The UK’s recent budget reflects tensions felt throughout Europe – how to stem massive budget deficits while not choking off growth. The UK is often held up as a model for voluntary austerity, but this column argues that its policies are a poor model for growth. It asserts that there is a deep intellectual vacuum at the heart of the budget and the government’s approach to economic growth in general.
Ross Levine, Tuesday, October 25, 2011
Financial systems support and spur economic growth. But does financial innovation foster financial development? While recent innovations have done damage, this column says the long-run story is that financial innovation is essential for economic growth.
Michael Bordo, Peter L Rousseau, Thursday, May 26, 2011
How interconnected are finance, trade, and economic growth? This column looks to the past in search of an answer. Examining economies that traded across the Atlantic, it finds that finance and trade reinforced one another between 1880 and 1914 but these links were absent in the post-war period. Financial development has been strongly related to growth throughout the last 130 years, whereas trade had a direct effect on growth only after 1945.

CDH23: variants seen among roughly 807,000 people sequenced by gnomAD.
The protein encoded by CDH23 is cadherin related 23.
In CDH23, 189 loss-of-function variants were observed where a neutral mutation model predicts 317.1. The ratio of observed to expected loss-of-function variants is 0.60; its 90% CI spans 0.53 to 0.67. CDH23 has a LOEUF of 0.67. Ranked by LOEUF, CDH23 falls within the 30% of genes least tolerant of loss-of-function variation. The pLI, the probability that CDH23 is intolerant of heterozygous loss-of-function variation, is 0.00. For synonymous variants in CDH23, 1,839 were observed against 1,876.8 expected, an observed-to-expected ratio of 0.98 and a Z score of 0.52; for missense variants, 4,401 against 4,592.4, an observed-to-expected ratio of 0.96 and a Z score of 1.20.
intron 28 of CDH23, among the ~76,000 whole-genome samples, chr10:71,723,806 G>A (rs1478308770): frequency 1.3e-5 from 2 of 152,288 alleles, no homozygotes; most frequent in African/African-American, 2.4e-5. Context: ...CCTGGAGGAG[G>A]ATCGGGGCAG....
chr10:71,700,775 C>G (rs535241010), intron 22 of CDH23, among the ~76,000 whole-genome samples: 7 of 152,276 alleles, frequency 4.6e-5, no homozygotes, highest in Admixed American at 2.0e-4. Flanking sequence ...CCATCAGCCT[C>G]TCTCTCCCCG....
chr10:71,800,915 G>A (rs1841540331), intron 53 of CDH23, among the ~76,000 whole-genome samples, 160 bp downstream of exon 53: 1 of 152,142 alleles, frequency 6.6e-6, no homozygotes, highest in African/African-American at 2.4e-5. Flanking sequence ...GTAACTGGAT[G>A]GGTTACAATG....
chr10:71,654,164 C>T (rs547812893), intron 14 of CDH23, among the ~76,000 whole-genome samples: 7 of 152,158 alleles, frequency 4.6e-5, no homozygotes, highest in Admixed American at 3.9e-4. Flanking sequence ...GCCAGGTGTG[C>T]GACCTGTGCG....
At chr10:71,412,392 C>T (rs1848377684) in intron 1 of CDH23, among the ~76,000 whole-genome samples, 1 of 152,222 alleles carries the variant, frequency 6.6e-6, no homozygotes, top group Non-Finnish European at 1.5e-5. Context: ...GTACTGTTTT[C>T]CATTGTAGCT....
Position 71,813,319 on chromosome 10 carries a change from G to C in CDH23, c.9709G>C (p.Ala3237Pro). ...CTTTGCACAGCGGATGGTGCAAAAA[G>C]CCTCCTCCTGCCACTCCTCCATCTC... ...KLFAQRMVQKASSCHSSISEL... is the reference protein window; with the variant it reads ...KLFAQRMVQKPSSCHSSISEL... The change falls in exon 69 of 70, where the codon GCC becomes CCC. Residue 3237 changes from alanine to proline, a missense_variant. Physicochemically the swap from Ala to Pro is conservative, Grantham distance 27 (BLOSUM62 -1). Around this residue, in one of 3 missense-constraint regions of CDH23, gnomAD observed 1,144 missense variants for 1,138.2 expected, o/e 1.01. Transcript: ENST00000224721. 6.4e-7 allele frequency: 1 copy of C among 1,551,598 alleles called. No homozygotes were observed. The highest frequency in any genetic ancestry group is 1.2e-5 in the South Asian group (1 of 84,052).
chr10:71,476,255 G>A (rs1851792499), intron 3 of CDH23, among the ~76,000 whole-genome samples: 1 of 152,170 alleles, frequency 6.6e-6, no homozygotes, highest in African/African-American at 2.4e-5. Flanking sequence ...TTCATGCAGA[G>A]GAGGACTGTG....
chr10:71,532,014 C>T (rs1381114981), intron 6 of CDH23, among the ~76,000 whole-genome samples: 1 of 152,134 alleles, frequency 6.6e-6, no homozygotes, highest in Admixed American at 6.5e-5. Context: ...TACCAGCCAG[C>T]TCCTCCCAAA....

Henry Overman, Tuesday, March 29, 2011
When the global crisis hit, many predicted that London would suffer more than other parts of the UK, given the city’s reliance on the financial services industry. This column explores how the UK capital’s economy suffered far less than the rest of the country.
Svetlana Andrianova, Panicos Demetriades, David Fielding, Badi H Baltagi, Friday, March 25, 2011
International donors provide large amounts of financial capital to Africa in the form of aid and grants, but there are also large financial flows in the opposite direction. Many African banks invest large sums abroad and lend relatively little to local businesses. This column explains that this is because many banks suffer from a shortage of information about the creditworthiness of some of their customers.